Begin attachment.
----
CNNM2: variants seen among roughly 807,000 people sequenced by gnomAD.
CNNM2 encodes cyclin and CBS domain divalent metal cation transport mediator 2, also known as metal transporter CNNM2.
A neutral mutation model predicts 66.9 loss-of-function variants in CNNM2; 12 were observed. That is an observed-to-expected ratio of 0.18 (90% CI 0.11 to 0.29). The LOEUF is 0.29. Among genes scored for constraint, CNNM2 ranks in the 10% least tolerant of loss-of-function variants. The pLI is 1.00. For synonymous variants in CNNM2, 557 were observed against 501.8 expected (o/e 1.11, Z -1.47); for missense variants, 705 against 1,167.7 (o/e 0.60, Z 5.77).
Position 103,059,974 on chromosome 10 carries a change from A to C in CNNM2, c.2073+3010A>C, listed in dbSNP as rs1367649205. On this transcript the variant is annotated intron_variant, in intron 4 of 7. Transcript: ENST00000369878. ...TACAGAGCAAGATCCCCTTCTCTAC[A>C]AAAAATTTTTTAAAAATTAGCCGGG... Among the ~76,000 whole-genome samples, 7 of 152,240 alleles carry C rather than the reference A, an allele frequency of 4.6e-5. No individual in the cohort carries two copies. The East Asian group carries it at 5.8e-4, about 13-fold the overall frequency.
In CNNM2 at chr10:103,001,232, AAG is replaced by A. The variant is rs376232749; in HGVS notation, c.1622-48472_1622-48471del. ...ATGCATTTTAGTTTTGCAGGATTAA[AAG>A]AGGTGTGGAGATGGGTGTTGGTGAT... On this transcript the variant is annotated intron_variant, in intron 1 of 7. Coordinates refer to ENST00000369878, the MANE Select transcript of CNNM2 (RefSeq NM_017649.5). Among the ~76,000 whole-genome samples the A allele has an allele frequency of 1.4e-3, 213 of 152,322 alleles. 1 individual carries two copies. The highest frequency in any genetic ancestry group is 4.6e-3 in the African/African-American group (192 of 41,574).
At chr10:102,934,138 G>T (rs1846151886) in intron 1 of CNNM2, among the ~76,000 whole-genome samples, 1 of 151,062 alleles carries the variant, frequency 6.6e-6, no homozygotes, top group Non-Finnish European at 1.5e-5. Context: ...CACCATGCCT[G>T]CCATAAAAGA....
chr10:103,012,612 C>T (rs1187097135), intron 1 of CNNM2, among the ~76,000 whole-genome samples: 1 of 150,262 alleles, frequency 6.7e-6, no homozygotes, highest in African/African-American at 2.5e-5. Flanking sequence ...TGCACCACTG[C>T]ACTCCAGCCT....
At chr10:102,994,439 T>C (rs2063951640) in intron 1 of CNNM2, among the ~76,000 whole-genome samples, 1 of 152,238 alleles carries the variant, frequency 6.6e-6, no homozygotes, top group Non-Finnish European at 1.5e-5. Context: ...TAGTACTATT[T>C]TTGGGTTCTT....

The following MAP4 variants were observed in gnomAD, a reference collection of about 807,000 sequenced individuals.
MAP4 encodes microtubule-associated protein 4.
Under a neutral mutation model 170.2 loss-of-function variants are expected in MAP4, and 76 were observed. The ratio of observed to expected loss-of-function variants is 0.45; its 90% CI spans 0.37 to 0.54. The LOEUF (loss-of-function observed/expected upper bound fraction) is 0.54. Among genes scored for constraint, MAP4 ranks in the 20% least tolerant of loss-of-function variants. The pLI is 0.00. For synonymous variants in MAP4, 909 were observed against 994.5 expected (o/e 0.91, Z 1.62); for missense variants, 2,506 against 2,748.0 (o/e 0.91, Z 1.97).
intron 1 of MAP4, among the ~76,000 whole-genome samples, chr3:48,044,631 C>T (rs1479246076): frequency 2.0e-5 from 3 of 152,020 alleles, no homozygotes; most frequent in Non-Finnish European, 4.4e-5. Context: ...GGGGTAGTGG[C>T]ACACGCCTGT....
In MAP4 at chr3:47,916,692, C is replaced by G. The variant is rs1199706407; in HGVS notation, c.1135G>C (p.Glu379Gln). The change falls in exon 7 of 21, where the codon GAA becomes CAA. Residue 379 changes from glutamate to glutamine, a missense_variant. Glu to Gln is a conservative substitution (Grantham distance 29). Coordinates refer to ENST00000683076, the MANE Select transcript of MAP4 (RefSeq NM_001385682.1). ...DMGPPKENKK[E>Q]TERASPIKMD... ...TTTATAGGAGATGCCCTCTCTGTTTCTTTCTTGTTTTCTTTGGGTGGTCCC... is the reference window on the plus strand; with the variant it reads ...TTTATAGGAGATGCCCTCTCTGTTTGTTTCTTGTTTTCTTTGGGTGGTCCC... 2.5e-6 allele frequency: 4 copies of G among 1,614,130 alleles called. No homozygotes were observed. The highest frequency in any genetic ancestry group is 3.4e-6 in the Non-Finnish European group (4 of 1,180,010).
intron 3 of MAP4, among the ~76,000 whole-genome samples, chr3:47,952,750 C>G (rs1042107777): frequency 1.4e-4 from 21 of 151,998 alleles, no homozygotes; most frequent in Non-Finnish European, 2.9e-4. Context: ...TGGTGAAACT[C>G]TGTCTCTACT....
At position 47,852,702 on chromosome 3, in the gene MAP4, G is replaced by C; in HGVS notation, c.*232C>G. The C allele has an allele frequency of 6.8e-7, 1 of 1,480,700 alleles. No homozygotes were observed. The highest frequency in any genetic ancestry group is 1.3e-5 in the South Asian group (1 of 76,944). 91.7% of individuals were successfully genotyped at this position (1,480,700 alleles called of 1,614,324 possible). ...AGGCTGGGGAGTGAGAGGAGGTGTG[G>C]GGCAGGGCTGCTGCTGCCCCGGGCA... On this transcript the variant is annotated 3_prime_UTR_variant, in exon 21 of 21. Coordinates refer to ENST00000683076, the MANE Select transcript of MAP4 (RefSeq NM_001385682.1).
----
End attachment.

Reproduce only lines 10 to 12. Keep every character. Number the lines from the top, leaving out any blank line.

MAP4 encodes microtubule-associated protein 4.
Under a neutral mutation model 170.2 loss-of-function variants are expected in MAP4, and 76 were observed. The ratio of observed to expected loss-of-function variants is 0.45; its 90% CI spans 0.37 to 0.54. The LOEUF (loss-of-function observed/expected upper bound fraction) is 0.54. Among genes scored for constraint, MAP4 ranks in the 20% least tolerant of loss-of-function variants. The pLI is 0.00. For synonymous variants in MAP4, 909 were observed against 994.5 expected (o/e 0.91, Z 1.62); for missense variants, 2,506 against 2,748.0 (o/e 0.91, Z 1.97).
intron 1 of MAP4, among the ~76,000 whole-genome samples, chr3:48,044,631 C>T (rs1479246076): frequency 2.0e-5 from 3 of 152,020 alleles, no homozygotes; most frequent in Non-Finnish European, 4.4e-5. Context: ...GGGGTAGTGG[C>T]ACACGCCTGT....